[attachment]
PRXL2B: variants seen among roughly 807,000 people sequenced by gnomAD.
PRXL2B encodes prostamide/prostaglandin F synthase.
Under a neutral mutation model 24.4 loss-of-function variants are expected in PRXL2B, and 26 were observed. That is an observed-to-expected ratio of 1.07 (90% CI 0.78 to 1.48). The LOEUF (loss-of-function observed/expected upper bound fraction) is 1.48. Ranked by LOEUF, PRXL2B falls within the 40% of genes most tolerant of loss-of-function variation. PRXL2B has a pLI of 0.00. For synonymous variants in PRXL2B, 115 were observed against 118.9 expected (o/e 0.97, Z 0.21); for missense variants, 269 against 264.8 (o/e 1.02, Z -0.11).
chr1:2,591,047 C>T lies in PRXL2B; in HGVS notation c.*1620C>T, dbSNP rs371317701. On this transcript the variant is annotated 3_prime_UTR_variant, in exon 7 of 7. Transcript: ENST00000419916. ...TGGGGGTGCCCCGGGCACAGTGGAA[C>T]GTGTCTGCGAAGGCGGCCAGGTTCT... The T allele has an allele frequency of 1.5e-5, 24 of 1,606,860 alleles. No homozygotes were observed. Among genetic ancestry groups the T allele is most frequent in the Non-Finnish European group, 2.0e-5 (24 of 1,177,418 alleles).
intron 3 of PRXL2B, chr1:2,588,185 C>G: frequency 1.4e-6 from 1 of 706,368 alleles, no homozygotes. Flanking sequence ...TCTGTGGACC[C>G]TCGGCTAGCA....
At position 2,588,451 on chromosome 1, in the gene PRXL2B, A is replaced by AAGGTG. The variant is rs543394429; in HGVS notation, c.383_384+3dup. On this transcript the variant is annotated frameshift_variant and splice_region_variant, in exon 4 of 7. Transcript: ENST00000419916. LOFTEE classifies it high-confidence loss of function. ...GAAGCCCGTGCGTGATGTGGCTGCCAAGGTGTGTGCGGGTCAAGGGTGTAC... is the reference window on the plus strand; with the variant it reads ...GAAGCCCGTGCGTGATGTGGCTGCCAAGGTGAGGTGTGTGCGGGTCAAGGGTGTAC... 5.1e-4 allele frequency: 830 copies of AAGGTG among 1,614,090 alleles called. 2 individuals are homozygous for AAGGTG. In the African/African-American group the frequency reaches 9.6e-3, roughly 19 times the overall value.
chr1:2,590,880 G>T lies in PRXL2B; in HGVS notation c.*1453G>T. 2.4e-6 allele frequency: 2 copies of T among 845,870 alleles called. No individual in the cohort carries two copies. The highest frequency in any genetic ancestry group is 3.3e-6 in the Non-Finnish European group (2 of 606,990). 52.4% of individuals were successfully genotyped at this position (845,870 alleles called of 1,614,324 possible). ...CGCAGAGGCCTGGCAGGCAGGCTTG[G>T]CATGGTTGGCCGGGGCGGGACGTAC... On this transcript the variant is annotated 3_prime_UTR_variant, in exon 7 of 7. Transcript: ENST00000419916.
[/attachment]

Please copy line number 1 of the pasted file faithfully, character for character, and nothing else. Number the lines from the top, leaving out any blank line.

PRXL2B: variants seen among roughly 807,000 people sequenced by gnomAD.